Ultra-small block M’s lead to big ideas in drug delivery

Ultra-small block M’s lead to big ideas in drug delivery

Three layer block M nanoparticles under electron microscopy. Photo by Sai Pradeep Reddy Kobaku, Tuteja Research Group

University of Michigan researchers have created what might be the world’s smallest three-dimensional (unofficial) “block M’s” using a new nanoparticle manufacturing process. The new technique may also pave the way to medications that can target specific cells, deliver multiple drugs at different times and rates and even allow doctors to steer them to specific locations in the body. They could also offer researchers better ways to test new therapies.

The new production technique involves depositing layers of polymer on a silicon wafer. It produces particles that can be ten or more layers thick to incorporate several courses of drug treatment, metals, plastics or virtually any other material. They can be made in precisely controlled sizes and shapes as small as 25 nanometers across.


“The block M’s were just a test,” said Anish Tuteja, an assistant professor of materials science in the College of Engineering and a developer of the process. “This opens up all sorts of opportunities for combining different polymers and molecules in a variety of shapes. And because it’s is simple and low-cost, we can explore new possibilities much more easily than in the past.”


Researchers say one of the first applications for the particles is likely to be in chemotherapy, where their ability to incorporate multiple layers could enable drug makers to combine several different chemotherapy drugs and target multiple types of cancer cells with a single treatment. They could also layer in magnetic materials that enable doctors to steer the drugs toward tumors.

Another key trait is the particles’ flexible shape, size and makeup, which may enable doctors and drug makers to optimize medications to more effectively target cancer cells and do less damage to healthy cells.


“Different types of cancer have different cell structures, and each type can internalize nanoparticles in a different way,” said Geeta Mehta, an assistant professor of materials science and engineering in the College of Engineering who is working on the project. “We can easily tailor the shape and drug combinations of these new particles to each type of cancer, so that they’re more effective against cancerous cells and less harmful to healthy cells.”


While any new treatment is likely five to ten years out, the team hopes to have an early iteration of the medications available for testing within one to two years.


The particles’ versatility and relatively simple production process also makes them useful in the lab for testing new treatments, and for gaining a better understanding of exactly how medications interact with cells.


“The University of Michigan has an extensive library of new cancer drugs in development, and I think these particles are going to help us understand how to use them most effectively,” Mehta said. “We can easily try new combinations of drugs and different particle shapes, and we can include dyes and other markers to see how they behave inside a cell.”


What might be the world's smallest (unofficial) Michigan logos demonstrate a nano-manufacturing process that could lead to advanced drug delivery systems. University of Michigan engineering researchers developed the new process.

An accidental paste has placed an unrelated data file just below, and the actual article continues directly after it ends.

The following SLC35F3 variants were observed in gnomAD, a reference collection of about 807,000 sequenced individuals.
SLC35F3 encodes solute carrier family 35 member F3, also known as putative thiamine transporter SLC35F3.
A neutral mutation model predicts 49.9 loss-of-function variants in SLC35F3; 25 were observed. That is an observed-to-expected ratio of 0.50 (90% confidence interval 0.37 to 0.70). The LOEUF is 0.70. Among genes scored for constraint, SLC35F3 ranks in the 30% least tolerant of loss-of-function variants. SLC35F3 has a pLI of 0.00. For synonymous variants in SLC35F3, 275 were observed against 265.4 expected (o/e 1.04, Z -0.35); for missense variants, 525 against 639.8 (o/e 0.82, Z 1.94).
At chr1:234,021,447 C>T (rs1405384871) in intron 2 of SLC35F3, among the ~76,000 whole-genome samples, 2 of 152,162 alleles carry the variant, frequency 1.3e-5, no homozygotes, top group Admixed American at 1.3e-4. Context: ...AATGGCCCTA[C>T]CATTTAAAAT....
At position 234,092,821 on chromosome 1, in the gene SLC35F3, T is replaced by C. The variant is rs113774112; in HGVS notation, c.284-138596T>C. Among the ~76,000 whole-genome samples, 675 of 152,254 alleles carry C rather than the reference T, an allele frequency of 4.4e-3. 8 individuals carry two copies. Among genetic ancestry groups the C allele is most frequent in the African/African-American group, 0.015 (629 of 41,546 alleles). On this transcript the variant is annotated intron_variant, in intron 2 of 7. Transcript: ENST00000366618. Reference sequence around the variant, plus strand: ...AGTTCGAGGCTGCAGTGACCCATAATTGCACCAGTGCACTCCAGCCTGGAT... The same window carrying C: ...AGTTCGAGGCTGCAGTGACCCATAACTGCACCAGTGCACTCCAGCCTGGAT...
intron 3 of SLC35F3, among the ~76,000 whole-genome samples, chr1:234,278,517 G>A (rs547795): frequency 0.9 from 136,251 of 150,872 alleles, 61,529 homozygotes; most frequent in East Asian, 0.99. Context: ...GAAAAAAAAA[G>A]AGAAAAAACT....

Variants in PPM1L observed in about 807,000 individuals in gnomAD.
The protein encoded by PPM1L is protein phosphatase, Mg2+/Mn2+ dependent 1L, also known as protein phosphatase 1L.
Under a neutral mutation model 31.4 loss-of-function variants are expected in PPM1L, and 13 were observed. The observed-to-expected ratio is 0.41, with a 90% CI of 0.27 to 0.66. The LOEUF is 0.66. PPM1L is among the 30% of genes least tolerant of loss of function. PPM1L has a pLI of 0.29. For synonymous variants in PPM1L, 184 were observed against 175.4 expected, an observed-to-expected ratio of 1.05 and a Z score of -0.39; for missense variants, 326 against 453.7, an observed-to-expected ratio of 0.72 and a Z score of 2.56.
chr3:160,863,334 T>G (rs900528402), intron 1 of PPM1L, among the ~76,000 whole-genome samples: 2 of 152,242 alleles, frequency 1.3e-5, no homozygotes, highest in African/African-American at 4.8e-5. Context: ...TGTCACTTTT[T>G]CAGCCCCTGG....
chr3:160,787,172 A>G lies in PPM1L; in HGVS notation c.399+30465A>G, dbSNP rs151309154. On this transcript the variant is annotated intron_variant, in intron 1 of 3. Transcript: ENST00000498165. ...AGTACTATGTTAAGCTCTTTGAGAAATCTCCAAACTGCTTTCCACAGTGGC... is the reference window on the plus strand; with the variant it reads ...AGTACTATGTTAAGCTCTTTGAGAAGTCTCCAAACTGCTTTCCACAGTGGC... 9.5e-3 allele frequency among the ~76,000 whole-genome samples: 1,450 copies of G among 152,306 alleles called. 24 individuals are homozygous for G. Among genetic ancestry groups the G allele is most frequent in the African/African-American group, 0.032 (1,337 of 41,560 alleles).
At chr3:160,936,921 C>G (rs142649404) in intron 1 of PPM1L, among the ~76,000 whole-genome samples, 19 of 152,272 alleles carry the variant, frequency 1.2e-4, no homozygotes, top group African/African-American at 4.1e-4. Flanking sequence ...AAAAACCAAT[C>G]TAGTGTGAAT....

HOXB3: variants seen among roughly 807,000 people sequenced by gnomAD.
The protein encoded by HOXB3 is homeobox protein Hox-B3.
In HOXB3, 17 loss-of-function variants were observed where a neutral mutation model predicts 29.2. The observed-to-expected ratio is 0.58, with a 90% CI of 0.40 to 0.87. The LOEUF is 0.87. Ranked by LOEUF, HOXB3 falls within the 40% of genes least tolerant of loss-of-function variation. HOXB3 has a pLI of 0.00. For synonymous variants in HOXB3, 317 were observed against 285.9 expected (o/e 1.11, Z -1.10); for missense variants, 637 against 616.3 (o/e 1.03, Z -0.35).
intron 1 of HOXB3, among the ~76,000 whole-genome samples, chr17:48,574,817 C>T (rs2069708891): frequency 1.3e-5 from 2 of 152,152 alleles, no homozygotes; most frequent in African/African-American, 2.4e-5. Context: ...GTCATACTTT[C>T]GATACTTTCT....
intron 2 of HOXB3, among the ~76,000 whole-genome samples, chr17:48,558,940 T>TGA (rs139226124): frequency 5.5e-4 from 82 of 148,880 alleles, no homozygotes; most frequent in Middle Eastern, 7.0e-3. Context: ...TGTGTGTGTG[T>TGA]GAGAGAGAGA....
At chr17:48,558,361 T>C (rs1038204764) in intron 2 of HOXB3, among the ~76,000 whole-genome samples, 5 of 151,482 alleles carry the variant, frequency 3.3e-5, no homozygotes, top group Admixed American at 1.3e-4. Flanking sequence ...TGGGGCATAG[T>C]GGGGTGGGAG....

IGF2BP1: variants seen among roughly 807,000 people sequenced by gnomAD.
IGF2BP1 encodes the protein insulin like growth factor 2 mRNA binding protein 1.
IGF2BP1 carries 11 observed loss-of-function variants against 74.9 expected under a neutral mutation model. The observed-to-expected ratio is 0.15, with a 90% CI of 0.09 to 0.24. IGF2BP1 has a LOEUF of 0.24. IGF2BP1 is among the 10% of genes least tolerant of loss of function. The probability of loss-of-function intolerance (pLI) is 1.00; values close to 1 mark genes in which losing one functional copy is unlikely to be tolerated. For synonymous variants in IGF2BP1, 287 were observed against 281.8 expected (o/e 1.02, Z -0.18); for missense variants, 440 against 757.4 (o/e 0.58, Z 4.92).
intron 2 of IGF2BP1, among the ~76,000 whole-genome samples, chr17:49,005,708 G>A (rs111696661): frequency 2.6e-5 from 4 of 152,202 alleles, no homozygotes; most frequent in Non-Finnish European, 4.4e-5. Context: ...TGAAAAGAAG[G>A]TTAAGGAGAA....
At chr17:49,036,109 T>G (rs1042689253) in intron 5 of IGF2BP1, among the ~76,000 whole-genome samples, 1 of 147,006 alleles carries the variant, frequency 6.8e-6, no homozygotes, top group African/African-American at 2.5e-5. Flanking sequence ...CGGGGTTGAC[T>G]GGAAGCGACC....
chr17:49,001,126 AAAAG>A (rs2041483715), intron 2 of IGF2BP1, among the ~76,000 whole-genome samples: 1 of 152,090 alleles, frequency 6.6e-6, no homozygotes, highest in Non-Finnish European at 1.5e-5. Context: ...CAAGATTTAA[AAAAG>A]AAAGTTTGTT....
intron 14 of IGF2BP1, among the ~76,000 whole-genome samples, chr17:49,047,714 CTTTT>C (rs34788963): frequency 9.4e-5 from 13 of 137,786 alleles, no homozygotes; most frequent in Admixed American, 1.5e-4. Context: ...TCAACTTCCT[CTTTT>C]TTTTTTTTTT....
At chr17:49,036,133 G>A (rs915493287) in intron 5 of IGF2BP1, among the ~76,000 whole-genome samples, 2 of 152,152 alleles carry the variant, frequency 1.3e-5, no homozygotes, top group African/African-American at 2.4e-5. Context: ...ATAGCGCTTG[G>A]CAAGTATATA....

The particles may be useful for other drug delivery applications as well, including inhalable vaccines and time-release prescription drugs that could be taken far less frequently than current medications.


While researchers have successfully created multi-layered nanoparticles in the past, these particles are the first to combine that capability with precise control over the particles’ shape, size and composition.


The research team began the production process with a silicon wafer that has a liquid-repellent coating. They used ultraviolet light to etch away the coating in the shape of the final particles. Finally, they dipped the etched wafer into a liquid containing polymer dissolved in a solvent. The liquid settled only on the etched areas, and when the solvent evaporated, the polymer remained, leaving precisely shaped nanoparticles. To get multiple layers, researchers simply dipped the wafer again and again, forming a new layer each time.


Tuteja said current methods for manufacturing multi-layered nanoparticles are more complex than the new approach. Most can only produce spherical particles, and controlling particle size is difficult. He said the team is in the process of developing automated manufacturing methods that will eventually produce larger numbers of particles with greater efficiency. The process could potentially be used to manufacture particles for a variety of applications including computer displays, diagnostic sensors and even microscopic motors.

“I think one day, we’ll have programmable machines that can be quickly reconfigured to manufacture any type of particle,” said Macromolecular Science and Engineering graduate research assistant Sai Pradeep Reddy Kobaku, who is working on larger-scale production methods for the particles. “We’re also searching for partner companies who want to participate in the commercialization process.”

A paper on the technique, titled “Wettability Engendered Templated Self-Assembly (WETS) for Fabricating Multiphasic Particles,” will publish in the Feb. 25 issue of ACS Applied Materials & Interfaces magazine. Research was supported by the National Science Foundation and the Office of Naval Research.